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Author's profile photo Xavier Le Garrec

Tips and tricks to start writing on the SAP Blog


In this post I will provide insights on why and how to write on the SAP Blog to share our knowledge with the SAP consultant and customer community. SAP employees can watch this 30 minutes presentation on Sharing Knowledge Across Platforms here.


Why ? (credit Peter Sass for the SAP Services newsletter)

  • SAP Blog posts can grow out of a specific customer experience when a particularly knotty problem is solved. The technical depth of the solutions published in the Community blogs are often the result of hours of work and research to find alternate solutions (aka. workarounds) where the customer’s requirements present a challenge for configurable cloud solutions.
  • It’s easy to forget an elegant solution to a problem. Sharing the solution preserves and propagates the answer for future encounters and makes the answer repeatable. Taking the time to write up the solution and share it empowers other consultants who can use the knowledge to solve similar issues for their clients. Customers learn directly, as well.
  • Customers appreciate consultants who can respond and solve complex issues quickly. The Community is a resource to facilitate that and holds solutions to life’s persistent questions. Or at least our customer’s persistent implementation questions.
  • Most of us want to deliver the best way to manage an implementation question—to develop the solution that work all the time. When we take the additional time to iterate, test, perfect and document the solution, it builds our credibility. It only makes sense to share it.
  • My personal driver is to never forget something. I want to make sure I know everything there is to know about a feature I’ve struggled with in the past when I walk into customer meetings.



How ?

  • Doing it while it’s fresh on our mind
    • We should try not to push out the blog post by a few days because we will likely lose motivation to do it. It is key to write or make recordings while we remember exactly how  we built the new design.
  • Challenging the status quo
    • When unsure what to write about we can try to remember things that have irritated us on previous implementations, for example things we’ve always been told are not doable. Building the test cases in our demo environment (it is of course prohibited to use any customer data or environments for public posts) to try to find creative workarounds will be very time consuming (sometimes entire days or evenings) but the feeling of accomplishment afterwards if we succeed will be very nice.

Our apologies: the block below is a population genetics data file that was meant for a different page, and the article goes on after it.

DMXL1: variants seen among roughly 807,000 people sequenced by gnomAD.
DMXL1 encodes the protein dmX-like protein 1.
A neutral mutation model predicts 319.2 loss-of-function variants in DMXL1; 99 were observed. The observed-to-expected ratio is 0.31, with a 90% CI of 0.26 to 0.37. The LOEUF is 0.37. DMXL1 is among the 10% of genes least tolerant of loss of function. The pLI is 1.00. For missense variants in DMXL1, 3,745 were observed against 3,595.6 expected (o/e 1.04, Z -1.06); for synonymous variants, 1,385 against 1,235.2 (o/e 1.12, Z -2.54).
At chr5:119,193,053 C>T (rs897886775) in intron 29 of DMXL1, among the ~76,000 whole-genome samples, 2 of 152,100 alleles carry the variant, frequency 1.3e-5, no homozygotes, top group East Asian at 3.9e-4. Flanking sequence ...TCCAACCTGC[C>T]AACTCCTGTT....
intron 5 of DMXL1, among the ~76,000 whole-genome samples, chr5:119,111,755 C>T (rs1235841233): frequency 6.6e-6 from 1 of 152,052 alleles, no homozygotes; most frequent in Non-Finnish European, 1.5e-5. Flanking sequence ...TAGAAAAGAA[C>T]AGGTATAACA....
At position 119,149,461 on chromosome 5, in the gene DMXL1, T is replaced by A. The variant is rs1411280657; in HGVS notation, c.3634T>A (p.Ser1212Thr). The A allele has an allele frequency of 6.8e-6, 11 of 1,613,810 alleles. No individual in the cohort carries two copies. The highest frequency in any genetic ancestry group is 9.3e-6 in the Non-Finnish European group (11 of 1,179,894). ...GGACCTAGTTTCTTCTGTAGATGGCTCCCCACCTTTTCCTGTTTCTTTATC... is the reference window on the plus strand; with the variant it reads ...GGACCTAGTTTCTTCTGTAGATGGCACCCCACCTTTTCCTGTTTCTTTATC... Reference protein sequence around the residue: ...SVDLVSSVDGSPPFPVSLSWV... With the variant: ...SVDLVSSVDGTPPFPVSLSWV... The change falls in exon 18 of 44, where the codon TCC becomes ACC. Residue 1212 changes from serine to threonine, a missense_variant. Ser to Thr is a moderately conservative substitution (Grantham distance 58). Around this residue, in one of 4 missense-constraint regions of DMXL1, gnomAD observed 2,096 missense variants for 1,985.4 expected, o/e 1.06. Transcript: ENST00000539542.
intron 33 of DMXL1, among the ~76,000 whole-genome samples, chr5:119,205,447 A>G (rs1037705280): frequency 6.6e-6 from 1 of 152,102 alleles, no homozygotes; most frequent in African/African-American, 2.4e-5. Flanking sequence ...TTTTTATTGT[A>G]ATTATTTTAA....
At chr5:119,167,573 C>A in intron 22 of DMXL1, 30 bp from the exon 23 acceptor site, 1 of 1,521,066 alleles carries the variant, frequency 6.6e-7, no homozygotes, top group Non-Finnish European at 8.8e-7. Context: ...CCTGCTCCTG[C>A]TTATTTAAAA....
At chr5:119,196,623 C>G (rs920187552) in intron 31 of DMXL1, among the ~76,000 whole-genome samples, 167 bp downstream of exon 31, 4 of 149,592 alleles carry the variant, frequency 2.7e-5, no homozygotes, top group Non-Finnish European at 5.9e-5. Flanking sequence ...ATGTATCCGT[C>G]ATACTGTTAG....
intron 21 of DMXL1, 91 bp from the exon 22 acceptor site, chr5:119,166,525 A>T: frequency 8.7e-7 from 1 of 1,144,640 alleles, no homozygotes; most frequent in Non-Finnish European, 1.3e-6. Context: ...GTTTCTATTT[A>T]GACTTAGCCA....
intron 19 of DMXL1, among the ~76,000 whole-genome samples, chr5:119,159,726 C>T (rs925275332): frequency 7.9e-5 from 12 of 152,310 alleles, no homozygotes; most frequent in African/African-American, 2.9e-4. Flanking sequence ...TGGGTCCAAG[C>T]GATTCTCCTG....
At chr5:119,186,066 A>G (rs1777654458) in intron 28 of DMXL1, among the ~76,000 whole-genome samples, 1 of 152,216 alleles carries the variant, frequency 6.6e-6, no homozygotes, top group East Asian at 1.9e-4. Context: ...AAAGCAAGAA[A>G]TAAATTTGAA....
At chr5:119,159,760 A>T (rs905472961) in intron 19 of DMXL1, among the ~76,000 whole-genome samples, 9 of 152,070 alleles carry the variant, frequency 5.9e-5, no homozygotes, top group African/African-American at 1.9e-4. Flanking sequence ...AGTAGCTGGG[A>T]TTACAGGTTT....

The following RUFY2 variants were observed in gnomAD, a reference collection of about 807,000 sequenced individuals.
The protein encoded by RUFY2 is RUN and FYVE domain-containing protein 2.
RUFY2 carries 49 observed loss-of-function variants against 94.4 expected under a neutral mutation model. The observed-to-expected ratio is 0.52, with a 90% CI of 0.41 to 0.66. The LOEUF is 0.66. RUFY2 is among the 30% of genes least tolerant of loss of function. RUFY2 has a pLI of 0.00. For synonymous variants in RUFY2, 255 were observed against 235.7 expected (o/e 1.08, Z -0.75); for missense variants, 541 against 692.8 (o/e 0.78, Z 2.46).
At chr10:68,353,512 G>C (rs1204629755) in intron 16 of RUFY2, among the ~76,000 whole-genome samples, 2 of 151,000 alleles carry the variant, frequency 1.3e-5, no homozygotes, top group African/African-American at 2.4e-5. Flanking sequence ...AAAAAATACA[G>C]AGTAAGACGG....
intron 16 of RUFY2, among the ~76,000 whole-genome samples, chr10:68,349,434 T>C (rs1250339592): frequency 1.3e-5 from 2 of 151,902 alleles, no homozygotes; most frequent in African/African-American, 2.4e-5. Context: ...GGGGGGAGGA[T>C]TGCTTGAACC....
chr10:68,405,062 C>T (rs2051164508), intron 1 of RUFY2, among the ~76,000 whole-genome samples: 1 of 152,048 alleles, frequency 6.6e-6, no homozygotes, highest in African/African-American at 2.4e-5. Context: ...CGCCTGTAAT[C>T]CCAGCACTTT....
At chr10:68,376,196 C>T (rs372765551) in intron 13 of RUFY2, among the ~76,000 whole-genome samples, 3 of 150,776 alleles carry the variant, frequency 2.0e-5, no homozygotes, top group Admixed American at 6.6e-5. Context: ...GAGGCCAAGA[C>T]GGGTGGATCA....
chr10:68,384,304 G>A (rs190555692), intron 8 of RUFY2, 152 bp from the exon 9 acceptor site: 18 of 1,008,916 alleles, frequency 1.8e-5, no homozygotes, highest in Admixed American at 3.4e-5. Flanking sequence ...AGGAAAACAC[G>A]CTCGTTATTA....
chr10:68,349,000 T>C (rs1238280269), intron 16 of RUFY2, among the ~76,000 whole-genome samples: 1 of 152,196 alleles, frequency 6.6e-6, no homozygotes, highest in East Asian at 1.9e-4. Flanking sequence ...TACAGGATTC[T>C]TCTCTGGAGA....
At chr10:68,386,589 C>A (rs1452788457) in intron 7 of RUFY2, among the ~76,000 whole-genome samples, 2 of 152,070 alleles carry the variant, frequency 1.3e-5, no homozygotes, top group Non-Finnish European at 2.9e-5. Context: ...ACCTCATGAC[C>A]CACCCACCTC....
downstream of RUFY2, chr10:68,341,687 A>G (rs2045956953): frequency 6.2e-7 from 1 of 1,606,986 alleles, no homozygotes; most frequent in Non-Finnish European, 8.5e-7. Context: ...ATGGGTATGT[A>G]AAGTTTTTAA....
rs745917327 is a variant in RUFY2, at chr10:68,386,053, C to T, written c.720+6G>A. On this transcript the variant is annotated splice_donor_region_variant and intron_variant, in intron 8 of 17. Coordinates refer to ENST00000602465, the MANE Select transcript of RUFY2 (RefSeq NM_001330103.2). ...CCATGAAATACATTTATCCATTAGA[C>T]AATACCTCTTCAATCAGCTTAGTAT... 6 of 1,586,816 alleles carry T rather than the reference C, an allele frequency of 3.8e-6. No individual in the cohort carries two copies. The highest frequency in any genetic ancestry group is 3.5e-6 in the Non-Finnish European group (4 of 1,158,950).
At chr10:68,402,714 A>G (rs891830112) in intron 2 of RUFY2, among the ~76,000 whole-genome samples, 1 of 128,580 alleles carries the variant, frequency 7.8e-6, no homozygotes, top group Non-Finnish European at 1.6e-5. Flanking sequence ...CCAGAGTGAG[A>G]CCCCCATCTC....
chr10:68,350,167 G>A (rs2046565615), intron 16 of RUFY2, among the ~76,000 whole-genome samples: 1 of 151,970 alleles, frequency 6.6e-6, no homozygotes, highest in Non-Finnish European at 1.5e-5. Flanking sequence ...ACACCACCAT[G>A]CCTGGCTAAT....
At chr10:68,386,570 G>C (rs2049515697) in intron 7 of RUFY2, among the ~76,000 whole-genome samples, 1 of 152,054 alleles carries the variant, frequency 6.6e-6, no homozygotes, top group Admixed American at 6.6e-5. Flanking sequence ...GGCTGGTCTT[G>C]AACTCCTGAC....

• In case the test case requires some inputs from a different module where our expertise is minimal, we should not hesitate to reach out to fellow consultants who are experts in that field to get started faster and with more confidence.
  • Structuring the writing
    • We should remember the important tip from the blogging tutorial to use “we” more than “you” when writing posts to make readers feel more included in our demonstration.
    • Finding the right writing structure and sticking to it is a great way to get started quickly. In my case I like to use the following categories : Overview –> Reason for this topic –> Problem –> Conclusion of the example –> Solution. I keep it in my OneNotes (as well as my ideas for next topics) and simply copy paste it before writing the content inside new blog posts.

  • Deciding which support is best to communicate
    • We can use video recordings when the issue is too complex to be explained with text and screenshots (to make screen recordings we can launch a Webex, Zoom or Teams meeting for ourselves only and download the recording mp4 afterwards OR we can use softwares such as SnagIt)
    • Unfortunately the SAP Blog doesn’t provide the ability to upload video recordings directly in blog posts (only pictures can be uploaded directly) but we can upload the recording as “unlisted” on a private channel on video platform such a YouTube and then embed it in our blog post. SAP employees can use to upload their recordings as well but videos uploaded there cannot be embedded to SAP Blog posts like YouTube videos.
  • Always taking a second look a few hours after posting
    • In my case I always find things to edit when I read my posts after a break from my screen.
  • Sharing the post in the community
    • Once our post is live we can share the link with fellow experts or on professional social medias. We can also insert a link to our SAP Blog profile in our email signature, for example :





All the best,





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